Seed Business Framework contains an API to manage domain events. The EventService service is used to fire events. Events must be immutable and extend DomainEvent (which extends BaseValueObject).

Notice: Events can also be defined by implementing the Event interface. Nevertheless, this requires to implement equals() and hashCode() methods. Otherwise event test fixtures and call cycle detection will not work.

For instance this event…

class MyEvent extends DomainEvent {
	...
}

…could be fired as follows:

@Inject
private EventService

@Inject
private MyEventFactory eventFactory;

eventService.fire(eventFactory.createMyEvent());

Handling events

EventHandlers must implement EventHandler in order to receive fired events:

class MyHandler implements EventHandler<MyEvent> {
    @Override
    public void handle(MyEvent event) {
        ...
    }
}
  • MyHandler implements EventHandler<MyEvent> which means it listens to events of MyEvent type.
  • handle method has to be implemented to define the handler’s behaviour.

Synchronous behavior

Events are fired synchronously and belong to current transaction. Depending on Exception management, a fired exception might rollback the transaction.

Event inheritance

If a triggered event is assignable to MyEvent (by inheritance), it will also be handled - consequently, a handler that implements EventHandler<DomainEvent> will be called on any event implementing DomainEvent.

Testing events

The seed-business-core-test module provides an EventFixture class for integration tests on events.

  • Test that a given event was handled by an expected EventHandler:
@Inject
private EventFixture fixture;
...
fixture.given(eventFactory.createMyEvent())
    .whenFired()
    .wasHandledBy(MyHandler.class);
  • Test that a given event was handled by exactly a provided list of EventHandlers:
@Inject
private EventFixture fixture;
...
fixture.given(eventFactory.createMyEvent())
    .whenFired()
    .wasHandledExactlyBy(MyHandler.class, MyHandler2.class);
  • Test that a given event was not handled by an expected EventHandler:
@Inject
private EventFixture fixture;
...
fixture.given(eventFactory.createMyEvent())
    .whenFired()
    .wasNotHandledBy(MyHandler3.class);
  • Test that a given event was generated from an expected method() with appropriate parameters
@Inject
private EventFixture fixture;
...
MyEvent myEvent = eventFactory.createMyEvent(SOME_EVENT_PARAM);
fixtures.given(MyService.class)
     .whenCalled("doSomething", SOME_METHOD_PARAM)
     .eventWasHandledBy(myEvent, MyHandler.class);

Test if MyHandler handler received myEvent event when doSomething() method of MyService is called.

Provided events

Aggregate events

Seed Business Framework provides following events:

  • AggregateReadEvent: triggered when reading an aggregate - eg. repository load() method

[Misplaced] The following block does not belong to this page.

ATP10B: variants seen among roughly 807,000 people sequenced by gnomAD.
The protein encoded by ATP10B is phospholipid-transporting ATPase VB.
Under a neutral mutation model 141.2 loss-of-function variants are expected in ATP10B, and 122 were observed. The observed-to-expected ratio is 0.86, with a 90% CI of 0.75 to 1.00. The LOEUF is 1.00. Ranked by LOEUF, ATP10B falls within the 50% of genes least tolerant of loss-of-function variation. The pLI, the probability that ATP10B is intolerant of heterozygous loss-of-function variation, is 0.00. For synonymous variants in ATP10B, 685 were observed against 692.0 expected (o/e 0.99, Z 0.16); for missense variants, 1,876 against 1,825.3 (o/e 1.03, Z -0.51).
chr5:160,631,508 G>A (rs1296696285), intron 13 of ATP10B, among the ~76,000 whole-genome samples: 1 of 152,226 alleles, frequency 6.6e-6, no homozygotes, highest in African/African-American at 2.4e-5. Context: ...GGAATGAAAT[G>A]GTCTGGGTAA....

• AggregatePersistedEvent: triggered when persisting an aggregate - eg. repository save() method
  • AggregateDeletedEvent: triggered when deleting an aggregate - eg. repository delete() method

Above behaviour is defined by method annotations, respectively: @Read, @Persist and @Delete. These annotations are only intercepted (and functional) within a repository class implementing GenericRepository (read more on repositories).

This mechanism is disabled by default.

To enable this feature, use following property:

[org.seedstack.business.event]
domain.watch=true

Handle aggregate read events:

  • Define a custom read method:
public interface MyRepository extends GenericRepository<AgregateRoot, AggregateIdKey> {
    ...
    @Read
    AgregateRoot loadByName(String name);
    ...
}

GenericRepository methods (load, delete, persist, save) are already annotated with appropriate annotations.

  • The repository reading method is called, triggering an AggregateReadEvent:
// fire an AggregateReadEvent for the AgregateRoot
productRepository.loadByName(aggregateName);
  • MyHandler handles the triggered AggregateReadEvent event:
// handle an AggregateReadEvent
class MyHandler implements EventHandler<AggregateReadEvent> {
    public void handle(BaseRepositoryEvent event) {
        ...
    }
}

IMPORTANT: Above handler receives all AggregateReadEvent from any repository @Read annotated method. Since AggregateReadEvent events contain the aggregate root class and a context with the called method and its arguments, the handler behaviour can be defined accordingly.


Since all «aggregate events» extend BaseAggregateEvent, it is possible to intercept them all in one handler:

// handle an BaseAggregateEvent
class MyHandler implements EventHandler<BaseAggregateEvent> {
    public void handle(BaseRepositoryEvent event) {
        // if "event" depends on Product aggregate
        if (Product.class.isAssignableFrom(event.getAggregateRoot())) {
            ...
        }
    }
}

See above handlers documentation for more detail about their generic behaviour.